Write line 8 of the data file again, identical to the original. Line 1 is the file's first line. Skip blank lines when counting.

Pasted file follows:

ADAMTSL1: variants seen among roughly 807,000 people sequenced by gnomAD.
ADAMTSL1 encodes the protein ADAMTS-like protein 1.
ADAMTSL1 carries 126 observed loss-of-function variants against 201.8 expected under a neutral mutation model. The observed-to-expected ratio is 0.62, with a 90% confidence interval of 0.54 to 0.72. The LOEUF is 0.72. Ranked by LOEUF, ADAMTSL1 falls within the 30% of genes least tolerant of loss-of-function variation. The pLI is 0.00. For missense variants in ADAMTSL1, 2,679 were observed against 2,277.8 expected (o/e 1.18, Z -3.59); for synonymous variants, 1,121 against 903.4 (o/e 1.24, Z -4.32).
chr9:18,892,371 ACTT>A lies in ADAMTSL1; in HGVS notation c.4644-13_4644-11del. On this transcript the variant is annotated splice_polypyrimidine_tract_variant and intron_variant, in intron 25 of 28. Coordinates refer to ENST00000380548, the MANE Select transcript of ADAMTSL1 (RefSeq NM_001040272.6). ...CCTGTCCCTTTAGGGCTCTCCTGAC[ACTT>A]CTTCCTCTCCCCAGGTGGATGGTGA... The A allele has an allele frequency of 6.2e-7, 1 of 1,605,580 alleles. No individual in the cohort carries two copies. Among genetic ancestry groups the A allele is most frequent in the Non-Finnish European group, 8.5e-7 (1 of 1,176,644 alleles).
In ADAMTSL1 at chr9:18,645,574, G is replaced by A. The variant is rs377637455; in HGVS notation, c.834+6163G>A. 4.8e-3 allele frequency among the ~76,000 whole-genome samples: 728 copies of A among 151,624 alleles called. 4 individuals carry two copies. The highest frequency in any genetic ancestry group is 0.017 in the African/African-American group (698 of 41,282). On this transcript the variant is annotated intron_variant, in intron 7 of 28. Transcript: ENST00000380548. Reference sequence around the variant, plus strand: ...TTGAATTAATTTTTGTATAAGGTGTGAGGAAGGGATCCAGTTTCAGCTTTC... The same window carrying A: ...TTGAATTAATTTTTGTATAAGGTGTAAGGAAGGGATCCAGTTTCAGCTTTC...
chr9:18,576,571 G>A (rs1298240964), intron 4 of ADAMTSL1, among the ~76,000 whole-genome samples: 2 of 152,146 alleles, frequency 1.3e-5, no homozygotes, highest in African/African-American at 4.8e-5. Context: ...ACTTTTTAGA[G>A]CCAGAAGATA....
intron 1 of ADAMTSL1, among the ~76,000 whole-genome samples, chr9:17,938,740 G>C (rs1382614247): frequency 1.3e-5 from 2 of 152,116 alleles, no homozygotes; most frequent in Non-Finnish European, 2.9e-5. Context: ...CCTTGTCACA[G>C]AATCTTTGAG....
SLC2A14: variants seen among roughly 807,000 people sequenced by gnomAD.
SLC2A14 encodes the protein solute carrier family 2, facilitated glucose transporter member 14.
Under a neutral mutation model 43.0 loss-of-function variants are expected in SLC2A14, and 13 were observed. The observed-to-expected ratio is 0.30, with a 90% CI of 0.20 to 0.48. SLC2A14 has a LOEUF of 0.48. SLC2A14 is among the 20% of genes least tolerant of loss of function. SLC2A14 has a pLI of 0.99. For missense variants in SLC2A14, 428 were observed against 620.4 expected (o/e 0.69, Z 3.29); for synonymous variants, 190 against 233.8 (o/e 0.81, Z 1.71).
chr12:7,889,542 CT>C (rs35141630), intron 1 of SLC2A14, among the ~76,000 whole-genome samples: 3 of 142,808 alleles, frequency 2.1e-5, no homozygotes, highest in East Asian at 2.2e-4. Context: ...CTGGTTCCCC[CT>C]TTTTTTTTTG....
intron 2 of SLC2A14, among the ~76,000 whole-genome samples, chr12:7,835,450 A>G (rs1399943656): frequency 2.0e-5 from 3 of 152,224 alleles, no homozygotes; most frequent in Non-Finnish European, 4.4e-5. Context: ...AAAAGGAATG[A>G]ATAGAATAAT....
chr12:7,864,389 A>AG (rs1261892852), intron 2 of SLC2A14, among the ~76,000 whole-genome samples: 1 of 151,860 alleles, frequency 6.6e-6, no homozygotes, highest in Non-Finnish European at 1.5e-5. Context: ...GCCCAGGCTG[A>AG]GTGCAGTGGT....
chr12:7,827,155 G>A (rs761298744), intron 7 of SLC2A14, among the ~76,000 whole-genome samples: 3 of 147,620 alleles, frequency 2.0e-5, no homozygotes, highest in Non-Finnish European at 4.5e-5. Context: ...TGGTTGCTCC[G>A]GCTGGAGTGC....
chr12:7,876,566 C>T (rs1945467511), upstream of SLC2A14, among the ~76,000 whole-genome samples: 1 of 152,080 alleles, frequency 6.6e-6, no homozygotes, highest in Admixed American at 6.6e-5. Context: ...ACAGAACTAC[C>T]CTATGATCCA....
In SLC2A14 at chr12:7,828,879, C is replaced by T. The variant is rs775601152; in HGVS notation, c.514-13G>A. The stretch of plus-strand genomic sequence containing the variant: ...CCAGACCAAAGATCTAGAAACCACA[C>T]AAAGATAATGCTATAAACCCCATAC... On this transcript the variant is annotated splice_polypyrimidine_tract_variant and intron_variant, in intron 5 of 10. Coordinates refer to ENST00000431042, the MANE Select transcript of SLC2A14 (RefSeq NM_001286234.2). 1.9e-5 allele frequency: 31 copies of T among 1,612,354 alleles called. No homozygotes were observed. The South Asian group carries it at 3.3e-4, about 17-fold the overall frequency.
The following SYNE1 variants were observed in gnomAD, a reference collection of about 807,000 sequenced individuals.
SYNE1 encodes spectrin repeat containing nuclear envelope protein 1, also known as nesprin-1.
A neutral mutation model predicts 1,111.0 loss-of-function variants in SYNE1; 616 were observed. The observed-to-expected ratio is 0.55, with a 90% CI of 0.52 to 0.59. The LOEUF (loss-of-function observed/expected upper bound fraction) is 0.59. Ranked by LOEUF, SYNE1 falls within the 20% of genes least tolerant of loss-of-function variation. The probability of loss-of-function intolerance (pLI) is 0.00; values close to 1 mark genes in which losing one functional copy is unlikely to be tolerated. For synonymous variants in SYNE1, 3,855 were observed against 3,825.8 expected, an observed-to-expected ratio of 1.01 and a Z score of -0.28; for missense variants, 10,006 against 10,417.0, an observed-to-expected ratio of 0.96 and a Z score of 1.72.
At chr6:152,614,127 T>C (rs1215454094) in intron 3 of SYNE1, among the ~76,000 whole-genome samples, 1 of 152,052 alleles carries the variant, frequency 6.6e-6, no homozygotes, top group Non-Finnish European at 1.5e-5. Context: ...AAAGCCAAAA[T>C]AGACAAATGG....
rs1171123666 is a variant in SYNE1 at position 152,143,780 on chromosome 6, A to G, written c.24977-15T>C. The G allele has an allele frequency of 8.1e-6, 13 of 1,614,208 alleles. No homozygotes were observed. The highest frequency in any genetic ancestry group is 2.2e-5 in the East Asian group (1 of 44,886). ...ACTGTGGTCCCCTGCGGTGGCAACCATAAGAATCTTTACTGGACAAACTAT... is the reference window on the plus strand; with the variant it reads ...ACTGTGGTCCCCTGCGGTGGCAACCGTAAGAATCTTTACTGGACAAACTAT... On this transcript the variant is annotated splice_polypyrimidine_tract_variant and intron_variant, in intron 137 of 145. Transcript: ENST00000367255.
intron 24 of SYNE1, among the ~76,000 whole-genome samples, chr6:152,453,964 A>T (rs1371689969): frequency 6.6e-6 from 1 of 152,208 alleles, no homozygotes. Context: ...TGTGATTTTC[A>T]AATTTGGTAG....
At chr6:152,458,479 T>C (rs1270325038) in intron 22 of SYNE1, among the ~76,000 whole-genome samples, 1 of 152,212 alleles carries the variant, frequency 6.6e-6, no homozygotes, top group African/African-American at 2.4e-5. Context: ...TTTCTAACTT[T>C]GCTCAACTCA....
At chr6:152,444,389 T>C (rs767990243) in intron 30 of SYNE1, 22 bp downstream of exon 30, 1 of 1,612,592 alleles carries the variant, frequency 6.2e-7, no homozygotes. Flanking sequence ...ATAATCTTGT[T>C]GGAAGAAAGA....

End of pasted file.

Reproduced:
SLC2A14: variants seen among roughly 807,000 people sequenced by gnomAD.